Finding developmental aspects tics in a neurodevelopmental rat model of repetitive behaviors. 1st world congress on Tourette syndrome and tic disorders. June 24-26 2015. London, UK.

Tourette Syndrome (TS) is a neurodevelopmental disorder affecting 0.4-1% of the population and is defined by the presence of multiple motor and at least one vocal tic, started before 18 years of age and lasting for at least 1 year. The exact cause of TS remains still elusive, but a central role seems to be played by dopamine (DA), a key regulator of the direct and indirect striatal pathway  of movement. The unilaterally lesioned 6-hydroxidopamine (6-OHDA) adult rat is a well-established model used in Parkinson´s Disease research. In this model a selective degeneration of nigrostriatal dopaminergic neurons is chemically induced by the administration of 6-OHDA. The following chronic application of levodopa leads to the development of repetitive involuntary movements, mainly involving the forepaw, the neck and the mouth. This appears as a consequence of the striatal super sensitivity to DA, which is also a putative pathological mechanism of TS and is induced in this model via previous DA deprivation. We propose to translate this adult model to juvenile rats, inducing the lesion in postnatal days and monitoring its neurodevelopmental consequences, in order to remedy the complete lack of juvenile animal models featuring a tic-like phenotype. This could allow evaluating the consequences of DA supersensitivity during development, and could represent a new tool to test therapeutic options for tic disorders. METHODS: 21days old male wistar rats received a double stereotaxic injection of 4.4µg of 6-OHDA hydrochloride (n=16) or vehicle (n=8) in the mFB. The injection coordinates had previously been scaled from an adult rat brain (3months old, 600g). Repetitive behavior was induced through the administration of a mixture of levodopa/benserazide (P.O. 6/15 mg/kg) 3 times a week for 3 weeks. The Abnormal Involuntary Movements observed involving the limb, neck and trunk, and the mouth were scored according to previously published protocols. Post-mortem analysis of the lesioned brain included staining with tyrosine hydroxylase (TH), and the quantification of the remaining DA in the denervated striatum via HPLC. RESULTS: Repetitive behavior was induced through the administration of a mixture of levodopa/benserazide (P.O. 6/15 mg/kg) 3 times a week for 3 weeks. The Abnormal Involuntary Movements observed were scored according to a previously published protocol.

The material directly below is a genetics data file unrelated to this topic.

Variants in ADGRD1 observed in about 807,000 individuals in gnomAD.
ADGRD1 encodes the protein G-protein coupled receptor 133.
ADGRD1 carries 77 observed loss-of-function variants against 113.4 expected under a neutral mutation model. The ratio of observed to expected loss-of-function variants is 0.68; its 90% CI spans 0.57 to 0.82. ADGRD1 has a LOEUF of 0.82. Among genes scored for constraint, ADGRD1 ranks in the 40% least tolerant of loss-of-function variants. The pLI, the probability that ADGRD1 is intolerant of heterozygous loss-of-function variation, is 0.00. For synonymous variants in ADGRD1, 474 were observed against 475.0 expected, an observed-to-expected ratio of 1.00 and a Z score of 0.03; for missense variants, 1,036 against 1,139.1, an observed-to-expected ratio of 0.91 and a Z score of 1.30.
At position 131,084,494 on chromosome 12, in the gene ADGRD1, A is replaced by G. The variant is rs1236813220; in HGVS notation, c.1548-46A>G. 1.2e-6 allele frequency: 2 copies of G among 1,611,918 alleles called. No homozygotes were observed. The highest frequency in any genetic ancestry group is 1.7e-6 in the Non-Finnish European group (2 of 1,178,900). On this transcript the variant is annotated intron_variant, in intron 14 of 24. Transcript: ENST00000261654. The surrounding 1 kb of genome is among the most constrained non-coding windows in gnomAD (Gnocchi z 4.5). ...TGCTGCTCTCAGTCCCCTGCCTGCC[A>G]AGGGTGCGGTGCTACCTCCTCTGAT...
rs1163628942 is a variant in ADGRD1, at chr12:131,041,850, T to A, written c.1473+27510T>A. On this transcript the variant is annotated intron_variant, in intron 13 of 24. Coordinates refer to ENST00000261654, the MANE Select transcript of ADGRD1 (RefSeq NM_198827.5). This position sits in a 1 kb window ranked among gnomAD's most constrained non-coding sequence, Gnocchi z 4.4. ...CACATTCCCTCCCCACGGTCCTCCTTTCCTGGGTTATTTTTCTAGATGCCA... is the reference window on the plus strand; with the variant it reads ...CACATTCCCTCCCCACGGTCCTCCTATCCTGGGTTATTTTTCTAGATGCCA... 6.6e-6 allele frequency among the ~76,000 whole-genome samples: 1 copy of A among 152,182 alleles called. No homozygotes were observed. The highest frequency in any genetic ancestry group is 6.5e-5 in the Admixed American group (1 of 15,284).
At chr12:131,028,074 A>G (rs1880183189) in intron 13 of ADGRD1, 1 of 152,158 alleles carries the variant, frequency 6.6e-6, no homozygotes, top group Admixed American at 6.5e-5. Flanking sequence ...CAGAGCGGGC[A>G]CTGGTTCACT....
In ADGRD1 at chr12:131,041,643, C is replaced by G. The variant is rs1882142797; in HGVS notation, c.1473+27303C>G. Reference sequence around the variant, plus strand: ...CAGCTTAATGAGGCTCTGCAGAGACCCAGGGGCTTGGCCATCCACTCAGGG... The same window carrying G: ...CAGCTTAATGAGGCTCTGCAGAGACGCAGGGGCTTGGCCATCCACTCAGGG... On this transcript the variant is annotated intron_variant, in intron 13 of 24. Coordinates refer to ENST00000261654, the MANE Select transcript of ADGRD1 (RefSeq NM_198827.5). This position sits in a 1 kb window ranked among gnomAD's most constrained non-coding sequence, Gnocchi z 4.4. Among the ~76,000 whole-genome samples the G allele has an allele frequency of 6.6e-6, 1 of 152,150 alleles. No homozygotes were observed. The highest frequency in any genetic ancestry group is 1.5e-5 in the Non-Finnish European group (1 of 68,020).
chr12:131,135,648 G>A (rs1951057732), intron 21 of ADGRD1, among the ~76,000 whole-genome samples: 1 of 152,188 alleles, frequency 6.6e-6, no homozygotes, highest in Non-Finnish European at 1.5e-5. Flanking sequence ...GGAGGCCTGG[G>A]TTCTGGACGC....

Finding developmental aspects and possible drug targets of TS and OCD: metabotropic glutamatergic mechanisms in a neurodevelopmental rat model of repetitive behaviors. European Society for the study of Tourette Syndrome (ESSTS) annual meeting, April 25-26 2014, Paris, France.

Tourette syndrome (TS) is a neurodevelopmental disorder affecting 0.4-1% of the general population. Symptoms become evident during childhood and involve several motor tics and at least one vocal tic. Unfortunately, the etiology of the disease is still unclear, but a broad range of findings support the idea that tics in TS occur as a consequence of a deregulated activity of the corticostriatal-thalamocortical circuit, which leads to an increased sensitivity to dopamine in the striatum (Buse et al. 2013). Up to now, numerous animal models of TS have been published, but all in adult animals. The unilaterally lesioned 6-hydroxidopamine (6-OHDA) rat is a well-established model used in Parkinson´s Disease research. In this model a degeneration of nigrostriatal neurons is chemically induced by the intrastriatal or intranigral administration of 6-OHDA, which selectively targets monoaminergic neurons. Chronic application of L-dopa to 6-OHDA lesioned rats leads to the development of repetitive involuntary movements, mainly involving the forepaw, the neck and the mouth. This appears as a consequence of the striatal super sensitivity to DA, caused by higher surface expression of dopamine receptors, which is a putative pathological mechanism of TS and is induced in this model via previous DA deprivation. We propose to translate this model to juvenile rats, inducing the lesion in postnatal days and monitoring its neurodevelopmental consequences. This could provide a new insight about TS pathological mechanism, and a new tool to test therapeutic option for this disease.